Cubbison, Douglas R. Occasional Paper: the Wanat Operation (first draft). US Army Combat Studies Institute, 2009. Retrieved from:

DOD Office of the Inspector General. Oversight Review of the Reinvestigation into the Combat Action at Wanat Village, Afghanistan. Arlington, VA: 22 July 2010.

Staff of the US Army Combat Studies Institute. Wanat: Combat Action in Afghanistan, 2008. Leavenworth, KS: US Army Combat Studies Institute, 2010. Retrieved from: found at:

Steeb et. al. Perspectives on the Battle of Wanat: Challenges Facing small Unit Operations in Afghanistan. Santa Monica, CA: RAND Corporation, 2011. Retrieved from:

Original comments are reproduced below for completeness

70 thoughts on “The Big Lie About Wanat (COP Kahler), Part 2 of 2”

  1. Stefan van der Borght

    How about an addon handguard for static defence, using thermoelectric cooling?

    Ok, not light, hence not for patrolling, but lighter than water jackets (and water), and not cheap; but if you cut a few essentials like VA/ACA/TSA services, golf and shopping vacations, subsidies for renewable scams, foreign aid to folks that hate everyone, and the UN budget, I’m sure some enterprising ‘Merican could come up with something to make a good thing even better. I wonder if a more powerful intermediate round (hello, .280, welcome back from the cold) and some training in marksmanship (and tactics/logisitics for the bright sparks that set up the Wanat party) might avoid such near-disasters, or make them harder to achieve; but I can see problems with that too. Maybe just bring the folks home, build a decent fence, and let the world’s nutters entertain each other.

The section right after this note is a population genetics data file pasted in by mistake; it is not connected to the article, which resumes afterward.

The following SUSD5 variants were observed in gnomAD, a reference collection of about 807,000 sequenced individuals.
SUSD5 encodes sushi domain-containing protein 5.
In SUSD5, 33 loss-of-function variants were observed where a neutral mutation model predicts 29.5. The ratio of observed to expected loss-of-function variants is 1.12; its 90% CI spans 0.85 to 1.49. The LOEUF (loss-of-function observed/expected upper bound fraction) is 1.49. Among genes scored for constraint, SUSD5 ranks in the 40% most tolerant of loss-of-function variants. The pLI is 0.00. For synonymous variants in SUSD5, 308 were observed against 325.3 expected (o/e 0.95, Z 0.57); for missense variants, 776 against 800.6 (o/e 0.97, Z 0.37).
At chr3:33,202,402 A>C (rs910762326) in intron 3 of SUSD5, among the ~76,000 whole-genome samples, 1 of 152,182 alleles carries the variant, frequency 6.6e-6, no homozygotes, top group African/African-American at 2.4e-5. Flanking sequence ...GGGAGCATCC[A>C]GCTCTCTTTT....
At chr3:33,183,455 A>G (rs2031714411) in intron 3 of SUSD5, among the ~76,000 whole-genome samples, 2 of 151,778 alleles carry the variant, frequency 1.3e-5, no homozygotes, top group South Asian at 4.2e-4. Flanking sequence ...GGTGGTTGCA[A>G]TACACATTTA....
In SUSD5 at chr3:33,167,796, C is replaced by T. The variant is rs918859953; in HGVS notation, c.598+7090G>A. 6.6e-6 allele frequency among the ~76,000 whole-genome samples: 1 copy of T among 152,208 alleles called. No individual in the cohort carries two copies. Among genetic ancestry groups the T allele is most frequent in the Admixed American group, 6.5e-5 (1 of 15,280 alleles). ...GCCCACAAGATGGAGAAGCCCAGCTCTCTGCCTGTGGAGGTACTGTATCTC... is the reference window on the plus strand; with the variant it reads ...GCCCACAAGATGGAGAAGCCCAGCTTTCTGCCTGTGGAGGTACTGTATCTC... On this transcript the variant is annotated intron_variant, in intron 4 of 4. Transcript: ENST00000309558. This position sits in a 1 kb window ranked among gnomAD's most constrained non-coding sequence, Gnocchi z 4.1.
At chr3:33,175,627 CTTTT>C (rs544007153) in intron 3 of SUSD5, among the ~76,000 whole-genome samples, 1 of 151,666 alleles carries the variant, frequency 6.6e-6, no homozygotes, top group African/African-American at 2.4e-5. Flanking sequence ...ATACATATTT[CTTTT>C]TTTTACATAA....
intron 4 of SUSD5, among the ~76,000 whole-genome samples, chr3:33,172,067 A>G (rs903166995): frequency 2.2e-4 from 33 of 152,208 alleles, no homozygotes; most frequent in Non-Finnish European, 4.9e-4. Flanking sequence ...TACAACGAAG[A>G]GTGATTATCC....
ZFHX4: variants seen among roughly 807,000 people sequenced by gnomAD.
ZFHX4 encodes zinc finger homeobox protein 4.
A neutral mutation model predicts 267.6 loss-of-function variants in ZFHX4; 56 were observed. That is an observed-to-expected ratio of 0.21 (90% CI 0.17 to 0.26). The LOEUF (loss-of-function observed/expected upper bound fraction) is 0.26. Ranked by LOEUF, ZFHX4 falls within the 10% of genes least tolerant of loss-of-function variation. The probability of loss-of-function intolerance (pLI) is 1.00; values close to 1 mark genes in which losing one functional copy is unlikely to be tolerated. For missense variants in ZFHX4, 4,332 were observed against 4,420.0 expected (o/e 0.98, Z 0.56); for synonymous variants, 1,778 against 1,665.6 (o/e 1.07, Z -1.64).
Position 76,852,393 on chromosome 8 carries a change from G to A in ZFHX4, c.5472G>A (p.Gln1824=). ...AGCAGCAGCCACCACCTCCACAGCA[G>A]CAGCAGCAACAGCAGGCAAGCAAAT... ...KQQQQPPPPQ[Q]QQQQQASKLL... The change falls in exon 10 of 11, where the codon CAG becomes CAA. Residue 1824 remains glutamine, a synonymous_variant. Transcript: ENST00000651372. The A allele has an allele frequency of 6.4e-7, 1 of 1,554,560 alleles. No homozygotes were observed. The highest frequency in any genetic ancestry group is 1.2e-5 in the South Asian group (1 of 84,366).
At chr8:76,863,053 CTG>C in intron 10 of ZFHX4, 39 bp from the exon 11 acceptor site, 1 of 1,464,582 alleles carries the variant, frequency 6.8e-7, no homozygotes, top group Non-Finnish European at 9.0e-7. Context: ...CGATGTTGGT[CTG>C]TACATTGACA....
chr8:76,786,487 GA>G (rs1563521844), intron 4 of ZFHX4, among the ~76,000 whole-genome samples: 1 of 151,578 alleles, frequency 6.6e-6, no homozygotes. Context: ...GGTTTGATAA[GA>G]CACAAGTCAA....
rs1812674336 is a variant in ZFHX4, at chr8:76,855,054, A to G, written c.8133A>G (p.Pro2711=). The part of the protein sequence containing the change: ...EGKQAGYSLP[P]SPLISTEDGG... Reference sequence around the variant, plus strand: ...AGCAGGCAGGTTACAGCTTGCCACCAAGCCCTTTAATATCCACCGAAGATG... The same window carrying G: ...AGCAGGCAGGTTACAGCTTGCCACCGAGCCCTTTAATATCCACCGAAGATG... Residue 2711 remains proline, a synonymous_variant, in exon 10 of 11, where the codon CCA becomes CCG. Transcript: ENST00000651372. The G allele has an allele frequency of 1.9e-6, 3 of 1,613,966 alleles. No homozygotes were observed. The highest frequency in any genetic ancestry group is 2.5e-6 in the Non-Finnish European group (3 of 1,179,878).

1. Bst

      Can’t work, the physics is against it.

      Thermoelectric cooling is energy intensive.

      HIGHLY so.

      You’d need a huge set of batteries, we’re talking car sized at least to be able to run it any decent length of time, and a huge heatsink to dump the heat from the hot side of the peltier thermoelectric coolers.

      The heatsink would have to be gigantic because the hot side of the peltier thermoelectric cooler must not only remove the heat from the barrel but also waste heat generated from the inefficiency of the peltier thermoelectric cooler itself.

      Short of Star Trek tech you’re not going to make it work.

      Now integrating a heatpipe directly onto the barrel along the length of it on the other hand is something that would be doable not only because of its effectiveness (competes with watercooling in terms of heat removal capabilities) but also because they can be made cheap and light with no moving parts as well if the muzzle blast is used to pull air through the heat exchange surface.
      1. Bst

        By ‘car sized’ I meant the type you use for cars not an actual battery the size of a car!

    2. Bob